Ann Intern Med. 2004;141(9):718-719. doi:10.7326/0003-4819-141-9-200411020-00014
Harold C. Sox
Ann Intern Med. 2004;141(9):682. doi:10.7326/0003-4819-141-9-200411020-00008
Tristram D. Bahnson; Augustus O. Grant
Two papers in this issue raise questions about managing atrial fibrillation: Does rhythm control have any role in treating patients similar to the Atrial Fibrillation Follow-up Investigation of Rhythm Management (AFFIRM) study sample? Is it useful in any other patients? Does being in normal sinus rhythm provide significant benefits? If so, why didn't the rhythm control group in AFFIRM have better outcomes? Finally, what is a reasonable approach to treating patients with atrial fibrillation?
Ann Intern Med. 2004;141(9):727-729. doi:10.7326/0003-4819-141-9-200411020-00016
Stephen C. Textor
Vasbinder and colleagues' study of noninvasive tests for diagnosing renal artery stenosis reminds us that vascular imaging methods are fallible. While clinicians must know what they can reasonably expect from diagnostic imaging, it is even more important for them to decide whether the results of the imaging procedures would change their management of the patient.
Ann Intern Med. 2004;141(9):730-731. doi:10.7326/0003-4819-141-9-200411020-00017
Alan M. Garber; Harold C. Sox
In this issue, Cooper argues that the United States will have 200 000 fewer physicians than needed in 2020. Demographic and economic trends could increase the demand for physician services, but his forecast contains too many uncertainties to serve as the basis for taking immediate action. Several factors can have as yet unforeseeable effects on the demand for physician services: a healthier aging population, changes in government policy, new technology, physician-induced demand for health care, and changes in the price of health care.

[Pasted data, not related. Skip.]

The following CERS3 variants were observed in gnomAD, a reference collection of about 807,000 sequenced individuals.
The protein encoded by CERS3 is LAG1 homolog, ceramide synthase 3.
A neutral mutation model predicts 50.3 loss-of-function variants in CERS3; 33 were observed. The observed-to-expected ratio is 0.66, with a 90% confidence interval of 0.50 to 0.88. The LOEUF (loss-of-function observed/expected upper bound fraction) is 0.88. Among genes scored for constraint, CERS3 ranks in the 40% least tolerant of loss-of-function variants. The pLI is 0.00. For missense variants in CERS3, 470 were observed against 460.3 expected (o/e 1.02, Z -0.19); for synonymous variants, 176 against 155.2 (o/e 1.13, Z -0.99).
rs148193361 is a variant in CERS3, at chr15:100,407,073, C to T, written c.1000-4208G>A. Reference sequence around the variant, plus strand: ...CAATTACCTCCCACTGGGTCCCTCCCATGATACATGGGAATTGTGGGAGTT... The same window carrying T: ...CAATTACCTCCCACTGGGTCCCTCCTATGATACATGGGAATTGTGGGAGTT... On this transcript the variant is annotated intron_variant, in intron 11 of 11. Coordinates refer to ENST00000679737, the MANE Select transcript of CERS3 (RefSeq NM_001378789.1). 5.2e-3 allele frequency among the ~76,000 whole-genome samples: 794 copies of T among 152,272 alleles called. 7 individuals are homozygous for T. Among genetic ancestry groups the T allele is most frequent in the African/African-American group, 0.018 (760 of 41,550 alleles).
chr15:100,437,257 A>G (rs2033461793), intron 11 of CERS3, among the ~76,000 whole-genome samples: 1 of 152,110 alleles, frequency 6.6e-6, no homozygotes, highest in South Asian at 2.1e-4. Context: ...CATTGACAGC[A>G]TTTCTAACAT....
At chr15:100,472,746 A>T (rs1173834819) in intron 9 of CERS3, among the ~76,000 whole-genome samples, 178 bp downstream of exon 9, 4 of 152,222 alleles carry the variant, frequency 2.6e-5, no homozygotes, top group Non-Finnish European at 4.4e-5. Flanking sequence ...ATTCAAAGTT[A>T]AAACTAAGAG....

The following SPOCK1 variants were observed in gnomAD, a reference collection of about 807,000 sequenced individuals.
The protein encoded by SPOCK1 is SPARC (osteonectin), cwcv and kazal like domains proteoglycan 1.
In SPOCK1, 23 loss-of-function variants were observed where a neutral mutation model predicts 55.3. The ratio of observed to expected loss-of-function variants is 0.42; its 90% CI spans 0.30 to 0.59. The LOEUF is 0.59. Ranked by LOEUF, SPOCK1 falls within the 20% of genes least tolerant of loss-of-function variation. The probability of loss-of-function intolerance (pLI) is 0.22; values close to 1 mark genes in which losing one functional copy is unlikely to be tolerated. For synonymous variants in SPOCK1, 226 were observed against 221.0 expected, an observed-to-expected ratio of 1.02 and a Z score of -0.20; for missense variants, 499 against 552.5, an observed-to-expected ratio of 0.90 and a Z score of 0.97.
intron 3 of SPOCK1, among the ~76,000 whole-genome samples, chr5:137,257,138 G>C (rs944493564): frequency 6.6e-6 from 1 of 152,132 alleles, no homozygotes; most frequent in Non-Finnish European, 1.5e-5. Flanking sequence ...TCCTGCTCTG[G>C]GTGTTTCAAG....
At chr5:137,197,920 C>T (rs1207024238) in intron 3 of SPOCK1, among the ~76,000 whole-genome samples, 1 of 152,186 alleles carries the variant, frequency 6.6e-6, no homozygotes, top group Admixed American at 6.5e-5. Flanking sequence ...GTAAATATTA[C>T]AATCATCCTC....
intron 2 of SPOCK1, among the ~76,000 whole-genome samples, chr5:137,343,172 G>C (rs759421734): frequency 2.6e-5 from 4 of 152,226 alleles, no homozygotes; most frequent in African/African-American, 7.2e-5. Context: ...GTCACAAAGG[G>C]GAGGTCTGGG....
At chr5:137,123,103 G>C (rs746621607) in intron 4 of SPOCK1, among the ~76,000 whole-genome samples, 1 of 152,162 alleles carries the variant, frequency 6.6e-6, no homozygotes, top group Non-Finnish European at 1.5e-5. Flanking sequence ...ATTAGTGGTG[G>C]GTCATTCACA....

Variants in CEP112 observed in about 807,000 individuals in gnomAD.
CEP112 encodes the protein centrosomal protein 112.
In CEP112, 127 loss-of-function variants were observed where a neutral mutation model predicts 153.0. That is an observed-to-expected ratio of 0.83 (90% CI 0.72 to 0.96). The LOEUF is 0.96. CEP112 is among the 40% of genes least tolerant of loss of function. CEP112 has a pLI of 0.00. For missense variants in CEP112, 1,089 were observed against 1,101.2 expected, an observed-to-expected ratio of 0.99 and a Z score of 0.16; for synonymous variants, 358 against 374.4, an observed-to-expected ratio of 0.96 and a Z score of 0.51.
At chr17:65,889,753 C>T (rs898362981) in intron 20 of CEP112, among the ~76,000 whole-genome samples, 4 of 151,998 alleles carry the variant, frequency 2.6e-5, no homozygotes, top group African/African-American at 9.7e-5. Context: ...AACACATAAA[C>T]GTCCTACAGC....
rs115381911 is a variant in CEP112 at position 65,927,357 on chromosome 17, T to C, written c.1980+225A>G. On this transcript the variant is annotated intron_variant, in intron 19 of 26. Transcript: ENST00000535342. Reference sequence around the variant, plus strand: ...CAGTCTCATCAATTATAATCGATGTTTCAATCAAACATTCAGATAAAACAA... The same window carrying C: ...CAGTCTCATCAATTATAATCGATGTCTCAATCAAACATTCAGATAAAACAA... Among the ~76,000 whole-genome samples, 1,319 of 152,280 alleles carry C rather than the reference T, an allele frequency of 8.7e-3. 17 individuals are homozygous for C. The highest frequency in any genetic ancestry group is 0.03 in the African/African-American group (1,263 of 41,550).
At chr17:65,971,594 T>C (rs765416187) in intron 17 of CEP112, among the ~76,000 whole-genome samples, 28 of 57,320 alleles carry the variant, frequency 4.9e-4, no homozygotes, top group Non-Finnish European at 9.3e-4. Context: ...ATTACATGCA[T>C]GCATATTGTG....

Ann Intern Med. 2004;141(9):732-734. doi:10.7326/0003-4819-141-9-200411020-00018
Christine Laine; Harold C. Sox
In February 2002, the American Board of Internal Medicine Foundation, the American College of Physicians Foundation, and the European Federation of Internal Medicine published the Charter on Medical Professionalism. With the intent of bringing the concepts of professionalism closer to the bedside and the office, Annals will publish a special series in collaboration with the American Board of Internal Medicine. The series will consist of 6 essays, each with an accompanying commentary, that illustrate how the principles contained in the Charter can illuminate the dilemmas of daily practice.